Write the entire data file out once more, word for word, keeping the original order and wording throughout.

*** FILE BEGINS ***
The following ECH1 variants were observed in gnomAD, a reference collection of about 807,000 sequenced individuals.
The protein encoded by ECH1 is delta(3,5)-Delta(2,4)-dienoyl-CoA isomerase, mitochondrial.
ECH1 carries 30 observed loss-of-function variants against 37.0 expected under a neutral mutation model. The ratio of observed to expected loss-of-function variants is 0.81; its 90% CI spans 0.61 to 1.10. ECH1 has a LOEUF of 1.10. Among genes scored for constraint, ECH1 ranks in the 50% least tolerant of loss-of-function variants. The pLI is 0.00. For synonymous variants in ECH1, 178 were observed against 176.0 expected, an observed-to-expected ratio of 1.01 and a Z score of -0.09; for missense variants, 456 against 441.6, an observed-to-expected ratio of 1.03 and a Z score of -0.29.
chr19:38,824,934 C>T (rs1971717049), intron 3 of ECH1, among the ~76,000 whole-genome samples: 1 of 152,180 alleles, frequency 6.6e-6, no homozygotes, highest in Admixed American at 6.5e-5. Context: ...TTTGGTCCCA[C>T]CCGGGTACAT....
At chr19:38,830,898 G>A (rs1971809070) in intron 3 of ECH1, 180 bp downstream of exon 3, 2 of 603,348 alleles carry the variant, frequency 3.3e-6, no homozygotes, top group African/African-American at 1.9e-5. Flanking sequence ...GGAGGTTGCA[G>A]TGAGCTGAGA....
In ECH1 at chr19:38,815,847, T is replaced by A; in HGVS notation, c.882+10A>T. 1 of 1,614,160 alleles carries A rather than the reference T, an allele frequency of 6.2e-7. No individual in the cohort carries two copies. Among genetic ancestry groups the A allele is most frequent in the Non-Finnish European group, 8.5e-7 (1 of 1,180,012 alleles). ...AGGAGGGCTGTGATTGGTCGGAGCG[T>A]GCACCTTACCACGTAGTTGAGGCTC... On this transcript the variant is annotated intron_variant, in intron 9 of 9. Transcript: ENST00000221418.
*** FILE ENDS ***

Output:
The following ECH1 variants were observed in gnomAD, a reference collection of about 807,000 sequenced individuals.
The protein encoded by ECH1 is delta(3,5)-Delta(2,4)-dienoyl-CoA isomerase, mitochondrial.
ECH1 carries 30 observed loss-of-function variants against 37.0 expected under a neutral mutation model. The ratio of observed to expected loss-of-function variants is 0.81; its 90% CI spans 0.61 to 1.10. ECH1 has a LOEUF of 1.10. Among genes scored for constraint, ECH1 ranks in the 50% least tolerant of loss-of-function variants. The pLI is 0.00. For synonymous variants in ECH1, 178 were observed against 176.0 expected, an observed-to-expected ratio of 1.01 and a Z score of -0.09; for missense variants, 456 against 441.6, an observed-to-expected ratio of 1.03 and a Z score of -0.29.
chr19:38,824,934 C>T (rs1971717049), intron 3 of ECH1, among the ~76,000 whole-genome samples: 1 of 152,180 alleles, frequency 6.6e-6, no homozygotes, highest in Admixed American at 6.5e-5. Context: ...TTTGGTCCCA[C>T]CCGGGTACAT....
At chr19:38,830,898 G>A (rs1971809070) in intron 3 of ECH1, 180 bp downstream of exon 3, 2 of 603,348 alleles carry the variant, frequency 3.3e-6, no homozygotes, top group African/African-American at 1.9e-5. Flanking sequence ...GGAGGTTGCA[G>A]TGAGCTGAGA....
In ECH1 at chr19:38,815,847, T is replaced by A; in HGVS notation, c.882+10A>T. 1 of 1,614,160 alleles carries A rather than the reference T, an allele frequency of 6.2e-7. No individual in the cohort carries two copies. Among genetic ancestry groups the A allele is most frequent in the Non-Finnish European group, 8.5e-7 (1 of 1,180,012 alleles). ...AGGAGGGCTGTGATTGGTCGGAGCG[T>A]GCACCTTACCACGTAGTTGAGGCTC... On this transcript the variant is annotated intron_variant, in intron 9 of 9. Transcript: ENST00000221418.